THROUGH THE HEART Excerpt:
Timothy: The Family Dinner
My mother had no soul. That’s what I thought when I looked up from the dinner table at her.
I thought that every week when we gathered for the family din- ner, or, rather, what counted as family according to my mother.
Andrew, the next oldest after me, always greeted my mother with a peck on the cheek, saying, “Nancy and the kids send their love.” Nancy was his wife, but I very much doubted that Nancy and the kids really did send their love—because they were not invited to the family dinner. Ever.
My sister, Emily, had once tried simply showing up with hus- band number two, but my mother dealt with that situation by refusing to let anyone bring a chair for him. After standing around awkwardly for a few minutes, he left. Emily never even tried with husband number three.
I had never had a wife to be excluded and neither had my younger brother, Edward. In some ways Edward and I were alike, but he was a more extreme version—if you think I’m an asshole, you should see Edward.
Our weekly family dinner wasn’t just any dinner. To see it, you’d think we were celebrating some huge milestone like a twenty-fifth wedding anniversary or a fiftieth birthday party, but that was just the way my mother did things—perfectly. The table was set with silver and crystal and china and flowers and silver tureens. The food was prepared by a different chef every week, even though no one ever seemed to eat much.
“Tell me again, Timothy, where is the portfolio now?” my mother asked me, while carving a tiny piece of the chicken. She cut her food into pieces so small I didn’t know how she managed to chew them.
Before I could answer my mother’s question, Emily jumped in.
“Can’t we wait until after dinner to talk about this?” she whined. “Listening to Timothy talk about money makes me lose my appetite.”
“Give me a break,” I said to Emily. “Don’t bring me into it. You haven’t eaten since 1986.” That was the first time she went into the hospital for anorexia. She was twelve at the time.
“Timothy, don’t be cruel,” my mother said, but I swear she was smiling. Then she turned to Emily to explain. “Darling, we have to talk about finances. Don’t you know what’s going on in the market?” she said gently—as if my sister wouldn’t know about the financial crisis that was the front page of every newspaper in the country.
Emily was in reality probably smarter than all the rest of us combined, but my mother treated her like an idiot. And unfortunately, most of the time my sister insisted on living up to her expectations. She never had a job, and she had been married three times, once for only three hours. You are probably getting the picture: my sister was not the most stable person.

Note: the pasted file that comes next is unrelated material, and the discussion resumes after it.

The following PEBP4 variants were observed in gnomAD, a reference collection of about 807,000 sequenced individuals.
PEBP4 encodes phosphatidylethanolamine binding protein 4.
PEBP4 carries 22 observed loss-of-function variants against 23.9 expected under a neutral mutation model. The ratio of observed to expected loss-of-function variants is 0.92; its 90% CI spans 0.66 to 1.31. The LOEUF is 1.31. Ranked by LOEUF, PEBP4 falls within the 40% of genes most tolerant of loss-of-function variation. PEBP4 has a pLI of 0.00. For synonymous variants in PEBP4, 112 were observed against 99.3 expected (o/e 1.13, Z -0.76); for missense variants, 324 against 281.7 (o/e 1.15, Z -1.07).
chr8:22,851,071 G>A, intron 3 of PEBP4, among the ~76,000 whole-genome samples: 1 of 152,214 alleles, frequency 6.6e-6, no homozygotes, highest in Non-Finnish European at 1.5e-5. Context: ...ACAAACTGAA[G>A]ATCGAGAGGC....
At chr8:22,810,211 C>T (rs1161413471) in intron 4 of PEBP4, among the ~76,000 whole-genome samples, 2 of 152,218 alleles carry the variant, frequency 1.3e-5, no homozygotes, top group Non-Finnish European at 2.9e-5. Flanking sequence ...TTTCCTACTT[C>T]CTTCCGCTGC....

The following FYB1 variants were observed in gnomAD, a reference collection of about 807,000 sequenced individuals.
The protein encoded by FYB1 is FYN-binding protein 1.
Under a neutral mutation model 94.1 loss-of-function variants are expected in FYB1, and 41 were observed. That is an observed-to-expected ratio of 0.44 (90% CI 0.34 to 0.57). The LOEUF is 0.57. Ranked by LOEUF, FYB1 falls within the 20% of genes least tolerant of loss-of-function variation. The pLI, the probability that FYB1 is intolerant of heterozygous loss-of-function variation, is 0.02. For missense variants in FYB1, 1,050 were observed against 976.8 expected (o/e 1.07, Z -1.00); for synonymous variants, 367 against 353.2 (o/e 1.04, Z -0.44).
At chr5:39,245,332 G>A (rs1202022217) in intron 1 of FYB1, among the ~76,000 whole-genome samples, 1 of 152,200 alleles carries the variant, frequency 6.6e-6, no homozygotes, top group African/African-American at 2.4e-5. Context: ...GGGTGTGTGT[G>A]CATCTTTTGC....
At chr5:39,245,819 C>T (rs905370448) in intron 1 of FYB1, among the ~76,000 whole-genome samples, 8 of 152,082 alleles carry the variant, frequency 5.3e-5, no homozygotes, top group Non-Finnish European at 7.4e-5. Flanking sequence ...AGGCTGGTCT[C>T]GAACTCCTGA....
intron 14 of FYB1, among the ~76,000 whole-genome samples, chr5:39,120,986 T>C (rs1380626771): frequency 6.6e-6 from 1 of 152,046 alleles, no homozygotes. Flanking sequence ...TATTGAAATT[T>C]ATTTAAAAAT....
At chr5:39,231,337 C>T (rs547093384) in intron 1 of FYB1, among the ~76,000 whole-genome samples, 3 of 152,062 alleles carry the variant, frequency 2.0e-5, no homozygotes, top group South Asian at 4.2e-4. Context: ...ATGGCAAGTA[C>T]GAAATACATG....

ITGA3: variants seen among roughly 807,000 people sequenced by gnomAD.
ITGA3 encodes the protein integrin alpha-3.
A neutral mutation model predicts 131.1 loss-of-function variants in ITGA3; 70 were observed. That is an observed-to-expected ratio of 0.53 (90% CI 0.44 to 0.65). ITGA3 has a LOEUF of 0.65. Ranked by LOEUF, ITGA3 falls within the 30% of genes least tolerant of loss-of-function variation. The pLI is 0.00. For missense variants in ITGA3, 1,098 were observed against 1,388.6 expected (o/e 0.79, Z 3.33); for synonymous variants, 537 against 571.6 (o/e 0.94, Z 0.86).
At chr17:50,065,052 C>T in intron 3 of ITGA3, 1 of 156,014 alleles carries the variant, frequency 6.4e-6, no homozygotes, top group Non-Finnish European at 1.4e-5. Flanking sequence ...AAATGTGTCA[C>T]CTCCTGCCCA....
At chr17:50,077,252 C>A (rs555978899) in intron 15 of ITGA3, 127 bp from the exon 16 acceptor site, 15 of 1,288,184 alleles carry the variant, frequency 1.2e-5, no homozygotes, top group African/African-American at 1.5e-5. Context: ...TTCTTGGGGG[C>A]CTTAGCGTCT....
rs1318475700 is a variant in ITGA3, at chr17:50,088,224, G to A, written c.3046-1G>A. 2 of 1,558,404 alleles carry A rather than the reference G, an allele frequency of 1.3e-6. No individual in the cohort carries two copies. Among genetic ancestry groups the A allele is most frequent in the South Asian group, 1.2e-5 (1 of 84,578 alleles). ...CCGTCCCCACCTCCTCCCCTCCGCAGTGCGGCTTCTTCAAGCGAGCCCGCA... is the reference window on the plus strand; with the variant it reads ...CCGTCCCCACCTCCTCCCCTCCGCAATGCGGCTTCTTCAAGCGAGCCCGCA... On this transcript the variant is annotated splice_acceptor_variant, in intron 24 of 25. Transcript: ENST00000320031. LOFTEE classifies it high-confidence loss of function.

“I just don’t see why we have to talk about it while we’re eat- ing,” Emily said.
“I promise I won’t talk if I actually see you eating,” I told her.
“Mind your own goddamned business,” she said.
“Anyway, Timothy, you were saying?” my mother tuned back
to me. I managed the family’s money, and normally it was a drudgery
to report back to my mother, but I had been looking forward to this moment all week.
“We lost fifteen percent of the portfolio’s value,” I told her.
My mother practically choked on her tiny piece of chicken. It was priceless. Really. An undignified, uncontrolled reaction from my mother; it would have been worth double what we lost just to see it.
She recovered quickly, pressing her napkin to her mouth. Then she said, “Please tell me you’re joking, Timothy.”
“I wouldn’t joke about that,” I said truthfully.
I took my job seriously. I enjoyed it, and I did it well. But I knew that to be good at making money you had to be good at losing it. It was something my mother didn’t understand.
“This is not acceptable. This is not how I expect you to take care of your family. Do you want to land us in the poorhouse?”
That was one of her favorite lines: “Do you want to land us in the poorhouse?” But she was the one who was working on that destination. I knew because, managing the family money, I had a window into how much everyone spent. And my mother was frightening in her ability to spend money; that is, if anything could frighten me. If she couldn’t do it, then nothing would—that’s what I thought anyway.
I cut off a piece of the chicken on my plate and took a cautious bite. It tasted like chicken dessert. Had the chef used cinnamon? It